THAT is the "track record" that is tough to argue with.
  7. polishshooter

    polishshooter Active Member

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    But then again, I am probably biased....I'm not sure I am ready to move up to a "New Fangled" Model 12 yet because Browning's Winchester '97 still does so well for me....:p

    My handgun of choice was designed 100 years ago....


    And I didn't feel comfortable buying my first AR-15 until the design was at LEAST 40 or 50 years old....;):D:D:D
    Last edited: Apr 4, 2011
  8. LDBennett

    LDBennett Active Member

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    This is a bit off the exact subject but in a recent TV show of "Sons of Guns" they had a task of converting a AR-15 to full auto as part of a boat mounted twin AR setup. As an initial test after the conversion to full auto they ran a couple of 30 round mags quickly and consecutively through the converted full auto AR on full auto.

    The gas tube was glowing cherry red! They monitored the temp and it was in the 700 degree range. They had to water cool the guns with a copper tube coiled around the barrel using a water reservoir and a pump (no details were made available except a shot of the finished cooling system).

    How this pertains to this thread is there is a lot of heat that the gas tube dumps back into the action. While I kind of agree with the concept that the gun was designed to be gas impingement operated and probably should not be changed from that, this episode made it clear that the gas temps are really pretty high and that feeding the gas back into the action might deserve further investigation.

    The fact is very few of us will operate the gun in this fashion (full auto for 60 rounds virtually consecutively). My AR is a semi-auto gas gun and works just fine. I clean it after every range session (thoroughly) where I shoot no more than 100 rounds at a sitting and have had no signs of excessive burned powder buildup.

    Didn't we learn in Vietnam that regular cleaning (cleanliness) was next to godliness with this gun?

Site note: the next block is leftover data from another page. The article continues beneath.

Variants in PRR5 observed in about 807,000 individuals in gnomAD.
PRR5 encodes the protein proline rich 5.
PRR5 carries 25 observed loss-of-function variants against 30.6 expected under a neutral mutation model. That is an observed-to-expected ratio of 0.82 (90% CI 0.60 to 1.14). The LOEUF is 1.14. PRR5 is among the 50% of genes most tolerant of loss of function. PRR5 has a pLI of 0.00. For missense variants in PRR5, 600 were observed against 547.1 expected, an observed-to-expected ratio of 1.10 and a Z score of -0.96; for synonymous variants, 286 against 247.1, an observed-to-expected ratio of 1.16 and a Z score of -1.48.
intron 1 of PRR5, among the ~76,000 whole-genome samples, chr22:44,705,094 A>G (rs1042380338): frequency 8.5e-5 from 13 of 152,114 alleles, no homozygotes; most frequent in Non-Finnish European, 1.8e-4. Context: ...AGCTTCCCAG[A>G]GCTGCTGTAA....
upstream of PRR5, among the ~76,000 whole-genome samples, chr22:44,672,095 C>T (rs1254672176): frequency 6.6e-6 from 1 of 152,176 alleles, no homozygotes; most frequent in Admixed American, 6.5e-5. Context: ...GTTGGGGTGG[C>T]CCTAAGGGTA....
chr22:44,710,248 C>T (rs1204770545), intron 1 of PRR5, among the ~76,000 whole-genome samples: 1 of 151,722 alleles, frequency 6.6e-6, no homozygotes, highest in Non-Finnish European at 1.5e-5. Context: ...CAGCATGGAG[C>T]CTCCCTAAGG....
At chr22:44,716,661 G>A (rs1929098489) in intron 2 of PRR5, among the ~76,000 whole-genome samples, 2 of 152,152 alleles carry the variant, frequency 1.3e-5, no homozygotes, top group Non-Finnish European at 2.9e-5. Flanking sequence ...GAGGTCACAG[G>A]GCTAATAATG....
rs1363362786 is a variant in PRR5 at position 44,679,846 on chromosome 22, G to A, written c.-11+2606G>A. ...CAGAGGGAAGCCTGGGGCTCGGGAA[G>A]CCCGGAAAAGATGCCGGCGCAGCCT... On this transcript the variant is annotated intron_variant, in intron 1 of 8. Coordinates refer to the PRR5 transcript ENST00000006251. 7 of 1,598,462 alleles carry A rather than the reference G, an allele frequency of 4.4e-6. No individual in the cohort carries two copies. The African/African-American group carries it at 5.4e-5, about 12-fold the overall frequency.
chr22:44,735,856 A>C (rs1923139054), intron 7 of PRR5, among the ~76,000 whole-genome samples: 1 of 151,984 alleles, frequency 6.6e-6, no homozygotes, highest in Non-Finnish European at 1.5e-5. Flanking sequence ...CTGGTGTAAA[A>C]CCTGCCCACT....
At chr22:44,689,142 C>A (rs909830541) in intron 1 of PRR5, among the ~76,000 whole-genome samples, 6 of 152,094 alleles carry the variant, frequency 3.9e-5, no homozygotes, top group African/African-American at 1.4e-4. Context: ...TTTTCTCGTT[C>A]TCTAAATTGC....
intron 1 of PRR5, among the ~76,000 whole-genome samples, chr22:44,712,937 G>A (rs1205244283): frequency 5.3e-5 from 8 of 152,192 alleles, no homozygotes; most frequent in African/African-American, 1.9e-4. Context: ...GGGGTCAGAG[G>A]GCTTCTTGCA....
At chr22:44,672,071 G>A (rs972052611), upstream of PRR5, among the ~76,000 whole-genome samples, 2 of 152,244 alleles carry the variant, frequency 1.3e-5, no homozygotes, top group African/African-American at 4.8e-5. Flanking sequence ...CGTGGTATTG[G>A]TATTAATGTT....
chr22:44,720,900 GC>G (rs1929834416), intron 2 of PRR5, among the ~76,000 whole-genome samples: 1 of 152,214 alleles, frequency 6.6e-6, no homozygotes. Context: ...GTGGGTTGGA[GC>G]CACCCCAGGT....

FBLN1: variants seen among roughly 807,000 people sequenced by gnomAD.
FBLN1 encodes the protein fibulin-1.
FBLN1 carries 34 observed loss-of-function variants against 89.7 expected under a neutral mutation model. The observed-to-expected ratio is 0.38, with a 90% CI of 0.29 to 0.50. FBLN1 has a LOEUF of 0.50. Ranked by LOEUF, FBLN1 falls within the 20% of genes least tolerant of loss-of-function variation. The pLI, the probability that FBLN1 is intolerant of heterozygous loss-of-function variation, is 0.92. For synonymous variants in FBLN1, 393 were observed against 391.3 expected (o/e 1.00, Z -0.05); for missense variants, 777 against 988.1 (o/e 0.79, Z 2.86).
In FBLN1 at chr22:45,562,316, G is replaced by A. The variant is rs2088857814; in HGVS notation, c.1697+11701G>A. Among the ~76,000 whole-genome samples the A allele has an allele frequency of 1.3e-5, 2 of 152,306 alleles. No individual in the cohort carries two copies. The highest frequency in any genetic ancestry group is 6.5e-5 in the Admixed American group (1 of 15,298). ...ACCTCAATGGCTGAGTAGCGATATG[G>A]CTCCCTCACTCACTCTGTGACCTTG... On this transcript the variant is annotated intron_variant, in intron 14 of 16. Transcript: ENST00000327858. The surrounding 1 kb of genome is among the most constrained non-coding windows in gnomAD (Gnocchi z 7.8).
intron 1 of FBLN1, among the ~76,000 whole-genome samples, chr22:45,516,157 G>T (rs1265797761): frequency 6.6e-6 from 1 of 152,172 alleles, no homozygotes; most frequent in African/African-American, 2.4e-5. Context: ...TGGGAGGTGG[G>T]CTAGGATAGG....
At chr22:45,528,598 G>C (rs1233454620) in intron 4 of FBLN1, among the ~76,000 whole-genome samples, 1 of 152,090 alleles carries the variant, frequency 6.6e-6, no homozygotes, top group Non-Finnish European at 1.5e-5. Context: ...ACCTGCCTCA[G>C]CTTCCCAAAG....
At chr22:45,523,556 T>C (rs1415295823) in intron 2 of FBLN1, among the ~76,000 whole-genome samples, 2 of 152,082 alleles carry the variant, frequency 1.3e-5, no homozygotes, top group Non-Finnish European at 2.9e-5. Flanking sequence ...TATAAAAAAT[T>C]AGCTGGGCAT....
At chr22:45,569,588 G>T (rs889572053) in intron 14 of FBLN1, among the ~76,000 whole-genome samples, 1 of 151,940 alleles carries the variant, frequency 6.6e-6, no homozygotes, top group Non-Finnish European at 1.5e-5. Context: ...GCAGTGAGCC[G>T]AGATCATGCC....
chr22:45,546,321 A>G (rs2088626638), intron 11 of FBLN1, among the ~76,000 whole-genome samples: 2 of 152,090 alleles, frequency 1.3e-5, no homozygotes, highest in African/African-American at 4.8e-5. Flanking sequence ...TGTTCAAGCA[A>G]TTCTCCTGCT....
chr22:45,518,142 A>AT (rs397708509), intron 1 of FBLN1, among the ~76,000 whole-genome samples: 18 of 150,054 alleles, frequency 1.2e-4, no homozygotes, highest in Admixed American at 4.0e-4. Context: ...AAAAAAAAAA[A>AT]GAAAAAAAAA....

I don't follow all the latest military tactical guns but I thought the latest short barreled version with all the electronic sights and other gadgets hanging off the barrel was a piston operated gun. If so, how is this gun different from the AR-15's converted to piston operation?

    LDBennett
  9. polishshooter

    polishshooter Active Member

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    LD, my son is in armor, where they all get issued M4a1s, and he trained on a straight M4 and they are still all gas.
  10. LDBennett

    LDBennett Active Member

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    polishshooter:

    Thanks, I did not know one way or the other.

    LDBennett
  11. gdmoody

    gdmoody Moderator Supporting Member

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    I have one of each, both of them Bushmasters. I really can't tell any difference in anything except the piston one is easier to clean.

    There is a very good article in this months Guns & Ammo about this. The author put several piston system ARs and two D. I. system ARs through a "torture" test. All of them were tested with dirt shoveled into the chamber area and then again with sand. He then used a degreaser of some sort to get all of the oil out of the piston ARs and ran them while dry. He put sand into the piston area then dumped them into greasy water. He did things that no normal person would ever think about. The bottom line is that the only ones that did not fail the "torture" test were the two D. I. ARs.
  12. GunHugger

    GunHugger Well-Known Member

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    A piston AR is a solution to a problem that doesn't exist.
  13. fritz

    fritz New Member